Table Saw Vs Track Saw: Complete Breakdown

Are you currently stuck between a rock and a piece of hardwood contemplating either buying a table saw or a track saw?

If so, you’re not alone. But don't fret, the good news is that we’re here to assist you with making the right decision the first time around. 

Whether you’re a professional woodworker or humble DIY’er looking to level-up your craftsmanship skills, one or even both of these saws will most definitely help you on your noble woodworking quest.
 
So, without further ado, let's get to it and breakdown the fundamental differences between table saws vs track saws, and see which one will ideally fulfill all of your woodworking needs.

What is a Table Saw Used For?

First up, we’re going to be taking a look at the table saw. Oftentimes thought of as the ‘workhorse’ of saws, it’s a great, versatile saw for woodworkers to have at their disposal.

They are known as being the best for making long cuts, which means they are suitable for serving various purposes. You'll also find that the table saw tends to be the centerpiece of any highly functional woodworking workshop as they are incredibly diverse.

Table saws take the cake when it comes to cutting or ripping long boards or sheets of wood at rapid succession. While ripping boards of wood is their claim to fame, table saws can also be used to make angle cuts with minimal setup.

With some basic blade adjustments and incorporating the use of a miter gauge, you'll be able to make some decent angle cuts without having to break out the miter saw.

Usually, many woodworkers who own multiple types of saws choose to use their table saw as their ‘go-to’ saw for handling long, straight cuts while leaving their other saws for dedicated purposes, such as their milter saw being used solely for cross-cutting.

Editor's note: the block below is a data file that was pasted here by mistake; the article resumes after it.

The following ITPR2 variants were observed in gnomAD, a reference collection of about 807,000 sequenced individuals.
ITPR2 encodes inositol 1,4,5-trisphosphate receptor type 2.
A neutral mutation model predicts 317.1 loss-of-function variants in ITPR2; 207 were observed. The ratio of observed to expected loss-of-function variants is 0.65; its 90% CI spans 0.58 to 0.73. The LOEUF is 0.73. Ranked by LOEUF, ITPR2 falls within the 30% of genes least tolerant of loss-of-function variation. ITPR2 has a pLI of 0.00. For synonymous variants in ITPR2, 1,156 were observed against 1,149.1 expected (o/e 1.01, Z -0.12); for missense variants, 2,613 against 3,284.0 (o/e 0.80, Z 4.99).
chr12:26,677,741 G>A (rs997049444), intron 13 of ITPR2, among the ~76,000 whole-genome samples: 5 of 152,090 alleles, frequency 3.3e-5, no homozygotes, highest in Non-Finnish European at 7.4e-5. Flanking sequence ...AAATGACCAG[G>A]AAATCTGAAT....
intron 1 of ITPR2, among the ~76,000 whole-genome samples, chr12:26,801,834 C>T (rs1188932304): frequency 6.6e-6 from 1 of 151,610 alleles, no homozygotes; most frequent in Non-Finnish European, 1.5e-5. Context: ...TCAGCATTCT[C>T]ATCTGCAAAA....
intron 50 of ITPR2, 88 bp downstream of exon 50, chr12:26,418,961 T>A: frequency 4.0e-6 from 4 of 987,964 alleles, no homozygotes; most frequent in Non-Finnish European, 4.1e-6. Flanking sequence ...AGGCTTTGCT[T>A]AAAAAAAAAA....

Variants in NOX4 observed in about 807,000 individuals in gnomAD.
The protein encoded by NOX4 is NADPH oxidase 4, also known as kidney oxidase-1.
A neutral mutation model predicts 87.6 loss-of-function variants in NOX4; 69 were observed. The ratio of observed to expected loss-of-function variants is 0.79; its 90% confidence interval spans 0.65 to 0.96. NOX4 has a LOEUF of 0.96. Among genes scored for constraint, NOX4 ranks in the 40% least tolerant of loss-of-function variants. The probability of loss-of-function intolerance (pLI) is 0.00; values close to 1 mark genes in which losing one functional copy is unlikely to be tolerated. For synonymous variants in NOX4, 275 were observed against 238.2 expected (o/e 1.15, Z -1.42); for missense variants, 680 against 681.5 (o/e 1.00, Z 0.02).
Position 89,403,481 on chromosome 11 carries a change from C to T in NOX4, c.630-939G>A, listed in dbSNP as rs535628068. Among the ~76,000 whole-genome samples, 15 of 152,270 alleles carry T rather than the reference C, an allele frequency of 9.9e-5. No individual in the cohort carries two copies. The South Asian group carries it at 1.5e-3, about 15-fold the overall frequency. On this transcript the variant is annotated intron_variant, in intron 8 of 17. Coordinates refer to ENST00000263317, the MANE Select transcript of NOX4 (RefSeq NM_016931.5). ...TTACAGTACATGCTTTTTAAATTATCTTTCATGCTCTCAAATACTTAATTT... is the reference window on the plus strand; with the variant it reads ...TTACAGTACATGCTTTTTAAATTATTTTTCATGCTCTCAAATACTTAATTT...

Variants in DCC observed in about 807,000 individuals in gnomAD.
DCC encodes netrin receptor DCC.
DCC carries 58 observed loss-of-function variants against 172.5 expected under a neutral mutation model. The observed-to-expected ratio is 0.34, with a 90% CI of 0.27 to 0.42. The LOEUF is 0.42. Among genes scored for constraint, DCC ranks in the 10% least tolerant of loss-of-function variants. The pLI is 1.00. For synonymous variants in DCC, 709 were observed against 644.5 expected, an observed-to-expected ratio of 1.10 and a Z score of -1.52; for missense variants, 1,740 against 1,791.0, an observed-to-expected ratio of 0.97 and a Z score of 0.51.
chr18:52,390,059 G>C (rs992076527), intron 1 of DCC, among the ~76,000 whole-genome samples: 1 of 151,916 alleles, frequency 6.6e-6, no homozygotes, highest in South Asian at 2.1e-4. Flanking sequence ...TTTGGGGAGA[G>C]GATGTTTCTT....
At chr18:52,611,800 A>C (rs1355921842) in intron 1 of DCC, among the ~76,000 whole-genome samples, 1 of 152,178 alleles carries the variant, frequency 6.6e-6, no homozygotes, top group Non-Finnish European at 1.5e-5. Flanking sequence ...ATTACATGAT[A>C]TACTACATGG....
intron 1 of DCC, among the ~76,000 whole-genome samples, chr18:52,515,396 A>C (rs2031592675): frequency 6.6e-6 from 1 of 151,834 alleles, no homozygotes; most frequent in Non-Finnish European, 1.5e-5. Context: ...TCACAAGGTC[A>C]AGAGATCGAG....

In addition to this, table saws are usually used for handling thicker materials, such as hardwood, thick plastic, and even metal (with the right metal cutting blade), so overall, they’re great for handling heavy-duty cutting tasks.

Generally speaking though, when it comes to cutting metal with a table saw, you'd want to make the recommended upgrades. At the bare minimum, you'll have to change out the existing blade to a metal cutting blade.

My last piece of advice when it comes to cutting metal with a table saw whether it's non-ferrous or ferrous metals is to minimize your table saw to this kind of exposure.

Ideally, you'd want to make use of a chop saw when cutting metal in large volume. Table saws have been specifically engineered to cut wood, not metal.

What is a table saw used for

Table Saws Are Ideal for Use If:

  • You need to make repetitive, straight cuts. By correctly setting up the fence, table saws will be able to cut multiple pieces of material with accuracy.

  • You plan on using thicker materials. Tables saws are built to withstand heavy-workloads, which makes them great for thick woods, plastic, and even metal.

  • If you have a bigger workspace. As table saws are on the bigger side, it only makes sense that you should have the necessary space to accommodate one.

  • If you plan on making several different types of cuts. Like we mentioned above, table saws are versatile pieces of cutting equipment. They can be used for making deep cuts, long cuts, narrow cuts, and even miter cuts.

The Benefits of Using Table Saws

  • They can withstand regular use: Table saws are built to last! As they are designed with the purpose in mind of being able to withstand many hours of repetitive, heavy-duty use, they are able to be exposed to regular heat and friction without any damage. This makes them ideal for situations where you plan on cutting a lot of material in one go.

  • Ideal for longer cuts: As we mentioned above, table saws are built with long, precise cuts in mind. So, when you have a lot of material that you need to make long cuts into, a table saw is the tool you need to correctly get the job done.
     
  • They are versatile: By far, one of the main benefits of using a table saw is that they’re so versatile and able to serve a multitude of different purposes. Whether you need to cut the wood into smaller pieces or make smooth cross-cuts, a table saw is a great tool to use.